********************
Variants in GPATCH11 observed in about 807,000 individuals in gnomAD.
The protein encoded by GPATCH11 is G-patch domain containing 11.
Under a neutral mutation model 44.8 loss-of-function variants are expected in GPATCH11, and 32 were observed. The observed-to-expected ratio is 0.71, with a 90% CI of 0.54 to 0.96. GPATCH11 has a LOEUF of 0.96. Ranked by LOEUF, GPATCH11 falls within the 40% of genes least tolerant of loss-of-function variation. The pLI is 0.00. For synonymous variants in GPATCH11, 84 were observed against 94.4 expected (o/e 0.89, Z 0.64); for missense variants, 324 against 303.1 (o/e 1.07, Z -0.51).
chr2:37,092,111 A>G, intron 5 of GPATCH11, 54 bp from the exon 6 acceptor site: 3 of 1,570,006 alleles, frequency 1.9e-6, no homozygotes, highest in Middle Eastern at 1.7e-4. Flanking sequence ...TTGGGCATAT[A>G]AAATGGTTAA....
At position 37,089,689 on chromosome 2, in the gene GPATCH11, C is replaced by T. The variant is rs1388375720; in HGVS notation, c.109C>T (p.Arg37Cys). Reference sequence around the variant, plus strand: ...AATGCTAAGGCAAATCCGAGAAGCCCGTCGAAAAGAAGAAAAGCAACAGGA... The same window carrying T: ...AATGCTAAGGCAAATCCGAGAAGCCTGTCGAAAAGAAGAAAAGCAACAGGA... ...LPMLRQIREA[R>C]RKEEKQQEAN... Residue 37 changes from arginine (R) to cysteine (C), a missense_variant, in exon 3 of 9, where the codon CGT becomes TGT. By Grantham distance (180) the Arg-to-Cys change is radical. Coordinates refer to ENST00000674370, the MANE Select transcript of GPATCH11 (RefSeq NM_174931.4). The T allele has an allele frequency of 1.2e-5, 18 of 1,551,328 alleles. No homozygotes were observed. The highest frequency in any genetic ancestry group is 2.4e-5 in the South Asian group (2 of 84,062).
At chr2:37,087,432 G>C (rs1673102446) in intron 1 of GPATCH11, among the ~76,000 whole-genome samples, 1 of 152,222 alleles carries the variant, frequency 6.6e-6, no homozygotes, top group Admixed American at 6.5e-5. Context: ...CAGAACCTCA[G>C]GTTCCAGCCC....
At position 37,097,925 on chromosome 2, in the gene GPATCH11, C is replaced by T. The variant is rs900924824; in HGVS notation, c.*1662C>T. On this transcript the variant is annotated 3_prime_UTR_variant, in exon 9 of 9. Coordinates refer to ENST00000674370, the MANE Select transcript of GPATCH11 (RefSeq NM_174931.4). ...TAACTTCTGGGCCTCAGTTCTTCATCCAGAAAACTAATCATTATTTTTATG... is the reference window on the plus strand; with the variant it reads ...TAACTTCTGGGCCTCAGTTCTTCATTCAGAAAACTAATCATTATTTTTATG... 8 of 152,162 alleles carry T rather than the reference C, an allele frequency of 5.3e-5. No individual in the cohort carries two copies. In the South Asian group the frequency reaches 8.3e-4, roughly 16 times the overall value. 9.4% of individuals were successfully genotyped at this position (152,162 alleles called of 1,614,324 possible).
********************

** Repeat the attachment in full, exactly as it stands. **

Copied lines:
Variants in GPATCH11 observed in about 807,000 individuals in gnomAD.
The protein encoded by GPATCH11 is G-patch domain containing 11.
Under a neutral mutation model 44.8 loss-of-function variants are expected in GPATCH11, and 32 were observed. The observed-to-expected ratio is 0.71, with a 90% CI of 0.54 to 0.96. GPATCH11 has a LOEUF of 0.96. Ranked by LOEUF, GPATCH11 falls within the 40% of genes least tolerant of loss-of-function variation. The pLI is 0.00. For synonymous variants in GPATCH11, 84 were observed against 94.4 expected (o/e 0.89, Z 0.64); for missense variants, 324 against 303.1 (o/e 1.07, Z -0.51).
chr2:37,092,111 A>G, intron 5 of GPATCH11, 54 bp from the exon 6 acceptor site: 3 of 1,570,006 alleles, frequency 1.9e-6, no homozygotes, highest in Middle Eastern at 1.7e-4. Flanking sequence ...TTGGGCATAT[A>G]AAATGGTTAA....
At position 37,089,689 on chromosome 2, in the gene GPATCH11, C is replaced by T. The variant is rs1388375720; in HGVS notation, c.109C>T (p.Arg37Cys). Reference sequence around the variant, plus strand: ...AATGCTAAGGCAAATCCGAGAAGCCCGTCGAAAAGAAGAAAAGCAACAGGA... The same window carrying T: ...AATGCTAAGGCAAATCCGAGAAGCCTGTCGAAAAGAAGAAAAGCAACAGGA... ...LPMLRQIREA[R>C]RKEEKQQEAN... Residue 37 changes from arginine (R) to cysteine (C), a missense_variant, in exon 3 of 9, where the codon CGT becomes TGT. By Grantham distance (180) the Arg-to-Cys change is radical. Coordinates refer to ENST00000674370, the MANE Select transcript of GPATCH11 (RefSeq NM_174931.4). The T allele has an allele frequency of 1.2e-5, 18 of 1,551,328 alleles. No homozygotes were observed. The highest frequency in any genetic ancestry group is 2.4e-5 in the South Asian group (2 of 84,062).
At chr2:37,087,432 G>C (rs1673102446) in intron 1 of GPATCH11, among the ~76,000 whole-genome samples, 1 of 152,222 alleles carries the variant, frequency 6.6e-6, no homozygotes, top group Admixed American at 6.5e-5. Context: ...CAGAACCTCA[G>C]GTTCCAGCCC....
At position 37,097,925 on chromosome 2, in the gene GPATCH11, C is replaced by T. The variant is rs900924824; in HGVS notation, c.*1662C>T. On this transcript the variant is annotated 3_prime_UTR_variant, in exon 9 of 9. Coordinates refer to ENST00000674370, the MANE Select transcript of GPATCH11 (RefSeq NM_174931.4). ...TAACTTCTGGGCCTCAGTTCTTCATCCAGAAAACTAATCATTATTTTTATG... is the reference window on the plus strand; with the variant it reads ...TAACTTCTGGGCCTCAGTTCTTCATTCAGAAAACTAATCATTATTTTTATG... 8 of 152,162 alleles carry T rather than the reference C, an allele frequency of 5.3e-5. No individual in the cohort carries two copies. In the South Asian group the frequency reaches 8.3e-4, roughly 16 times the overall value. 9.4% of individuals were successfully genotyped at this position (152,162 alleles called of 1,614,324 possible).